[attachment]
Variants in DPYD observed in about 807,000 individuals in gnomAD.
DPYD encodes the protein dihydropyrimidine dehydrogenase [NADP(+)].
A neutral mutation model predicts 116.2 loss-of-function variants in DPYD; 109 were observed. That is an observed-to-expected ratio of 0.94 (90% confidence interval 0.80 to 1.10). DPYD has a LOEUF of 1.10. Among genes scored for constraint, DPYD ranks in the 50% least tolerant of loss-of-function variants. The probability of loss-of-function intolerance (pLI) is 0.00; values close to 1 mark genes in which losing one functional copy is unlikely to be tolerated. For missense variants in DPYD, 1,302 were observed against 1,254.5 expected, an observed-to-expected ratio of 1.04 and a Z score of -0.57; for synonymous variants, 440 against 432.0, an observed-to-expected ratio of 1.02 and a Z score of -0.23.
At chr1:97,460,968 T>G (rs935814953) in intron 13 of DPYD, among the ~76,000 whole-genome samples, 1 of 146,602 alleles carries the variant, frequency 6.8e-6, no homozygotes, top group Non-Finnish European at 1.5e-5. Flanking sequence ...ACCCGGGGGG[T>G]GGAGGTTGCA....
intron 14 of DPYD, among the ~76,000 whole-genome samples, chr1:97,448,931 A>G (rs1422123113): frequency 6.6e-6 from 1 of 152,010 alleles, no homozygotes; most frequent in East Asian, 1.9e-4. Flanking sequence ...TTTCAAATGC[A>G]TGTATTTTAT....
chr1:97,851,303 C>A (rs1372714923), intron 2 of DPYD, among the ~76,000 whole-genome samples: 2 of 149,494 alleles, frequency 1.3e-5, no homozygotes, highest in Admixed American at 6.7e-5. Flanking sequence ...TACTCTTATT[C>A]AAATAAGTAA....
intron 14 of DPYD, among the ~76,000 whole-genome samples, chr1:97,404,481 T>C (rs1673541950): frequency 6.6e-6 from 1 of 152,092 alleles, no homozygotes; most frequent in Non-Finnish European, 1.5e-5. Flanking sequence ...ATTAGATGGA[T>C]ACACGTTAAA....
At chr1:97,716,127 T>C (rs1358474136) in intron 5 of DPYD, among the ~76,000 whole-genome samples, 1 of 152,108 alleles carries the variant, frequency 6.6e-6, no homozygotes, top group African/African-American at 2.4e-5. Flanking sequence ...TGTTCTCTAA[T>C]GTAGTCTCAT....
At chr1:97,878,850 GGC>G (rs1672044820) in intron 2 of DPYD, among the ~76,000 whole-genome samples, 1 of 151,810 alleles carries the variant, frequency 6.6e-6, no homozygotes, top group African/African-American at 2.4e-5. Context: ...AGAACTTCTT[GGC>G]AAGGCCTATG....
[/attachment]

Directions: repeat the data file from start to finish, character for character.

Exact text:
Variants in DPYD observed in about 807,000 individuals in gnomAD.
DPYD encodes the protein dihydropyrimidine dehydrogenase [NADP(+)].
A neutral mutation model predicts 116.2 loss-of-function variants in DPYD; 109 were observed. That is an observed-to-expected ratio of 0.94 (90% confidence interval 0.80 to 1.10). DPYD has a LOEUF of 1.10. Among genes scored for constraint, DPYD ranks in the 50% least tolerant of loss-of-function variants. The probability of loss-of-function intolerance (pLI) is 0.00; values close to 1 mark genes in which losing one functional copy is unlikely to be tolerated. For missense variants in DPYD, 1,302 were observed against 1,254.5 expected, an observed-to-expected ratio of 1.04 and a Z score of -0.57; for synonymous variants, 440 against 432.0, an observed-to-expected ratio of 1.02 and a Z score of -0.23.
At chr1:97,460,968 T>G (rs935814953) in intron 13 of DPYD, among the ~76,000 whole-genome samples, 1 of 146,602 alleles carries the variant, frequency 6.8e-6, no homozygotes, top group Non-Finnish European at 1.5e-5. Flanking sequence ...ACCCGGGGGG[T>G]GGAGGTTGCA....
intron 14 of DPYD, among the ~76,000 whole-genome samples, chr1:97,448,931 A>G (rs1422123113): frequency 6.6e-6 from 1 of 152,010 alleles, no homozygotes; most frequent in East Asian, 1.9e-4. Flanking sequence ...TTTCAAATGC[A>G]TGTATTTTAT....
chr1:97,851,303 C>A (rs1372714923), intron 2 of DPYD, among the ~76,000 whole-genome samples: 2 of 149,494 alleles, frequency 1.3e-5, no homozygotes, highest in Admixed American at 6.7e-5. Flanking sequence ...TACTCTTATT[C>A]AAATAAGTAA....
intron 14 of DPYD, among the ~76,000 whole-genome samples, chr1:97,404,481 T>C (rs1673541950): frequency 6.6e-6 from 1 of 152,092 alleles, no homozygotes; most frequent in Non-Finnish European, 1.5e-5. Flanking sequence ...ATTAGATGGA[T>C]ACACGTTAAA....
At chr1:97,716,127 T>C (rs1358474136) in intron 5 of DPYD, among the ~76,000 whole-genome samples, 1 of 152,108 alleles carries the variant, frequency 6.6e-6, no homozygotes, top group African/African-American at 2.4e-5. Flanking sequence ...TGTTCTCTAA[T>C]GTAGTCTCAT....
At chr1:97,878,850 GGC>G (rs1672044820) in intron 2 of DPYD, among the ~76,000 whole-genome samples, 1 of 151,810 alleles carries the variant, frequency 6.6e-6, no homozygotes, top group African/African-American at 2.4e-5. Context: ...AGAACTTCTT[GGC>G]AAGGCCTATG....